See-Think-Wonder is the first routine I’ve ever used and the first one I wrote about in a post for the Teaching English British Council blog community. It is a routine that asks students to observe carefully, think about what they see, and ask questions. The wonderful thing about it is that it taps right into students’ imagination and curiosity. Curiosity when aroused means they are highly motivated, alert and open to learning. This openness in turn, allows for interesting and original observations, thoughts and questions which are communicated through meaningful language.
At the beginning of a topic or a unit, show students a painting, an image, an object. Make sure you choose a powerful stimulus to encourage observation, interpretation and wondering.
Ask students to reflect on the questions:
What do you see?
What do you think about it?
What does it make you wonder?
Allow for some quiet, uninterrupted observation time. Students can first jot down their responses before sharing them with the rest of the class. They work individually, in pairs or in small groups. It depends on how many ideas you want them to generate.
Have students present and share their responses with the rest of the class. Document their thinking and ideas. You can do this by using the board, post-it notes, construction papers on the walls, by encouraging the students to jot down the ideas shared.
See-Think-Wonder is a routine that works well when starting a topic. As with other thinking routines it’s important for a routine to be attached to meaningful content for thinking beyond surface to occur. I have used it with various topics: War/Peace, Asperger’s & Autism, School, The myth of Europe, Urbanization. I mainly used it when introducing the topic. I am sharing here two examples.
1. When introducing the topic of War/Peace I showed children Picasso’s Guernica. We first explored the painting through the Looking Ten Times Two routine. Groups then worked on the See-Think-Wonder. The ideas shared were:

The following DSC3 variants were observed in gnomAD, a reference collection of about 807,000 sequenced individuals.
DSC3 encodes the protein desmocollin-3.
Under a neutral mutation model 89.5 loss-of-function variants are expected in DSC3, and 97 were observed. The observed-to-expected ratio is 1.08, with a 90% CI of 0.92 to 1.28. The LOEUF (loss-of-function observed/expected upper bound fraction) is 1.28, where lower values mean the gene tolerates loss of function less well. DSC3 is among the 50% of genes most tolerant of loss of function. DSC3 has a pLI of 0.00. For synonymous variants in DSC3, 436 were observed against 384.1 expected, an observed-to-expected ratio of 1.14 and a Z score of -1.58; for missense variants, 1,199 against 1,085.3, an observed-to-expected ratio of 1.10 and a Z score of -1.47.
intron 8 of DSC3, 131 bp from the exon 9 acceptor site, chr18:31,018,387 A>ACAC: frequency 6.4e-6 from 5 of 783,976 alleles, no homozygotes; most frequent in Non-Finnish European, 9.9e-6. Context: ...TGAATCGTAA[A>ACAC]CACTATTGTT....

2. A second case was when introducing the topic of Asperger’s & Autism. This time I chose Blue Butterflies Tongue, a fascinating painting by Steven Coventry, an artist with Asperger’s syndrome. This time many children chose to work in pairs so more ideas were shared:
In both these cases, the See-Think-Wonder routine unleashed in a beautiful way students’ creative and metaphoric thinking. The surprise and curiosity evoked by the visual stimuli used led to a heightened state of consciousness and emotion brought about by something unexpected. They contemplated with joy, their interest was stimulated, the stage for further inquiry was set, and positive expectations for the next lessons to come were created.
Things to consider: Students must provide answers to all three stems at the same time (I see-I think-I wonder). When you first use the routine, they may respond only to the first stem (I see). In this case prompt responses to the other two by asking the follow-up questions (i.e. What do you think about it? What does it make you wonder?). Once they get used to the routine, they’ll provide answers to all three stems at the same time.
Blue Butterflies Tongue: See-Think-Wonder, Art in the English Class project
Future Megacities: See-Think-Wonder, Art in the English Class project
Guernica: See-Think-Wonder, Art in the English Class project
School: See-Think-Wonder, Art in the English Class project